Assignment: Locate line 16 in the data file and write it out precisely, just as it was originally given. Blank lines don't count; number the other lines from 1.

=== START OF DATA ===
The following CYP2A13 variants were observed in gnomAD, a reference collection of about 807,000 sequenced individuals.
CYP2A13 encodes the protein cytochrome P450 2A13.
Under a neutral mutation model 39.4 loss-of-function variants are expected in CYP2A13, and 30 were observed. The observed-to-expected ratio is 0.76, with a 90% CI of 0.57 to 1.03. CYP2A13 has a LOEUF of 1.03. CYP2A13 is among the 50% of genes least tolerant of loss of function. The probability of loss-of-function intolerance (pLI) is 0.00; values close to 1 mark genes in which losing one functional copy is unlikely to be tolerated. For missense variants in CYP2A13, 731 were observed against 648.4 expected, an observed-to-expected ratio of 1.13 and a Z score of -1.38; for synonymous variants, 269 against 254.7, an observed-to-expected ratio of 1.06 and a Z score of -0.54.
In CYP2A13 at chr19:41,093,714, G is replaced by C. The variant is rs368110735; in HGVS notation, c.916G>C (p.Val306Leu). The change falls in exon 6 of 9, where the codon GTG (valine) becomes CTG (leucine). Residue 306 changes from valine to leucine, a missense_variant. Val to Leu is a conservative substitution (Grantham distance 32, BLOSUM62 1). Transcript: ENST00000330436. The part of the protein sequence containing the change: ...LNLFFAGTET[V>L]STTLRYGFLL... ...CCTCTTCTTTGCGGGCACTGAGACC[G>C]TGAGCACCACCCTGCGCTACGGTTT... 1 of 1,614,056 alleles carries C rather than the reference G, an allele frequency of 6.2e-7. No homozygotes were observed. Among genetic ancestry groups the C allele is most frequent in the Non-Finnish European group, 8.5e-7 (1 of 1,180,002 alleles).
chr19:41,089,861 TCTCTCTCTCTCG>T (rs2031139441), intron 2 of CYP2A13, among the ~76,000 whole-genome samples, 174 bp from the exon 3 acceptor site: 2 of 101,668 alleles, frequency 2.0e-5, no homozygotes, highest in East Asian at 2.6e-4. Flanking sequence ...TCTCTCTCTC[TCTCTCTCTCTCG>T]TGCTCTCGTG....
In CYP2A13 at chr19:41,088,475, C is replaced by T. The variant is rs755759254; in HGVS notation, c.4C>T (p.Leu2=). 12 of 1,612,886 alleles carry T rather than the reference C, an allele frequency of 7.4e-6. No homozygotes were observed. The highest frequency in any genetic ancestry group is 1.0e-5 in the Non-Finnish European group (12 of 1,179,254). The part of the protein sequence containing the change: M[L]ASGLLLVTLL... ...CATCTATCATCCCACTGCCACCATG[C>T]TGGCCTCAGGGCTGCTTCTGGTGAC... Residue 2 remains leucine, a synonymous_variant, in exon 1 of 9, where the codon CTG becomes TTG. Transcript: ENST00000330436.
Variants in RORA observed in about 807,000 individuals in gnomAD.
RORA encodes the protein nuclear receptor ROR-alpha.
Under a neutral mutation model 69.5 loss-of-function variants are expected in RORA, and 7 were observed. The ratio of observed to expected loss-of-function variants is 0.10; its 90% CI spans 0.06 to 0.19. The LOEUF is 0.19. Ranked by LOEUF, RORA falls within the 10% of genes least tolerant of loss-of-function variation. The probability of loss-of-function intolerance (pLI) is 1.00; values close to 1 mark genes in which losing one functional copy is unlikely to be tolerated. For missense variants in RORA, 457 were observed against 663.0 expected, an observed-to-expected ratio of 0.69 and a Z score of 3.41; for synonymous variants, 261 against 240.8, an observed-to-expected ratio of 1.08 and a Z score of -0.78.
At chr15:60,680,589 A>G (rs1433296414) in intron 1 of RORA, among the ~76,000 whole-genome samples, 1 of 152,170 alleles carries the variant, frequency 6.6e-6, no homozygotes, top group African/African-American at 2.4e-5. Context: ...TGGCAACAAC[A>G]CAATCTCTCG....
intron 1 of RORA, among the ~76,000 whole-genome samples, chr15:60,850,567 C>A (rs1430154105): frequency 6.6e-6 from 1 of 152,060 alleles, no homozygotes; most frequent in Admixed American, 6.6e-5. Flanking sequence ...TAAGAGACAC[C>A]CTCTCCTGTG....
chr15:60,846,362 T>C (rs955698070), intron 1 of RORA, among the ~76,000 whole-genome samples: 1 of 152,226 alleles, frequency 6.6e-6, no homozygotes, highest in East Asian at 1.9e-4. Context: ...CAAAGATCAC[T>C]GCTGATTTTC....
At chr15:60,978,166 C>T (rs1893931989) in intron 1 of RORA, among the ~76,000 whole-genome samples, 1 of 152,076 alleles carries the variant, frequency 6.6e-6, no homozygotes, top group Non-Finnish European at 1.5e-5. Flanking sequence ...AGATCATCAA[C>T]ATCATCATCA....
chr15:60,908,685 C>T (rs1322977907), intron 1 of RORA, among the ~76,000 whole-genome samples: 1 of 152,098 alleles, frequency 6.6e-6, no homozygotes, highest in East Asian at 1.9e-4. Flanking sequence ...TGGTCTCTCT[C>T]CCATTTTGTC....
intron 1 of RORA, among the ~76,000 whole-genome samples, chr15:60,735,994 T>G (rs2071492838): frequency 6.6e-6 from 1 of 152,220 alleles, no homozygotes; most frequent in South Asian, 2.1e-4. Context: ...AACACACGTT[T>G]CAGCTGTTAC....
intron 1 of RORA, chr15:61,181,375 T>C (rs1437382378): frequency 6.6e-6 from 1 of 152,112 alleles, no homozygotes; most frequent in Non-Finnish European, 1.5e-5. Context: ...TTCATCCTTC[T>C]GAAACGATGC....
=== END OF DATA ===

intron 1 of RORA, chr15:61,181,375 T>C (rs1437382378): frequency 6.6e-6 from 1 of 152,112 alleles, no homozygotes; most frequent in Non-Finnish European, 1.5e-5. Context: ...TTCATCCTTC[T>C]GAAACGATGC....